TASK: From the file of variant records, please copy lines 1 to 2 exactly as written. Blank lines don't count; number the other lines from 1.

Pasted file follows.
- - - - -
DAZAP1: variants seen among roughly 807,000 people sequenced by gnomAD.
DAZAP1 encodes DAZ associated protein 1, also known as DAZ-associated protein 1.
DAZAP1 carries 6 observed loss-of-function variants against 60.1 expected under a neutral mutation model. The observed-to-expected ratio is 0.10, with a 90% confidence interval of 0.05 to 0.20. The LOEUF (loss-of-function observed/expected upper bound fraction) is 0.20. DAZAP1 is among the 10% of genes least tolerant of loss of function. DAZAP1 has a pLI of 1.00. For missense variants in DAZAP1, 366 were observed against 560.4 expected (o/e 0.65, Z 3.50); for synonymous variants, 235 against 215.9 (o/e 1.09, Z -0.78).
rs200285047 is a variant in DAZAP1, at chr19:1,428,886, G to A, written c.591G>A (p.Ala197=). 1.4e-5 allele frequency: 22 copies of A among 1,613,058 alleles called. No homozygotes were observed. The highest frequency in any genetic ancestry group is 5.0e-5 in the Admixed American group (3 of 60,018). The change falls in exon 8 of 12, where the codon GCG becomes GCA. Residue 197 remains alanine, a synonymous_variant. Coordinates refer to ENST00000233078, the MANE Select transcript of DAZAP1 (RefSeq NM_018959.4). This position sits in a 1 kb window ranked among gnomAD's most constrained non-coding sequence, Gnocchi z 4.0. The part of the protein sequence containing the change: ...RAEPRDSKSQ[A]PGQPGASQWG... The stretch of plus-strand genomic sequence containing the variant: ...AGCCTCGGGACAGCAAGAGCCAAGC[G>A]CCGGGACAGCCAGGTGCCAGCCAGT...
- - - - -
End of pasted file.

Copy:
DAZAP1: variants seen among roughly 807,000 people sequenced by gnomAD.
DAZAP1 encodes DAZ associated protein 1, also known as DAZ-associated protein 1.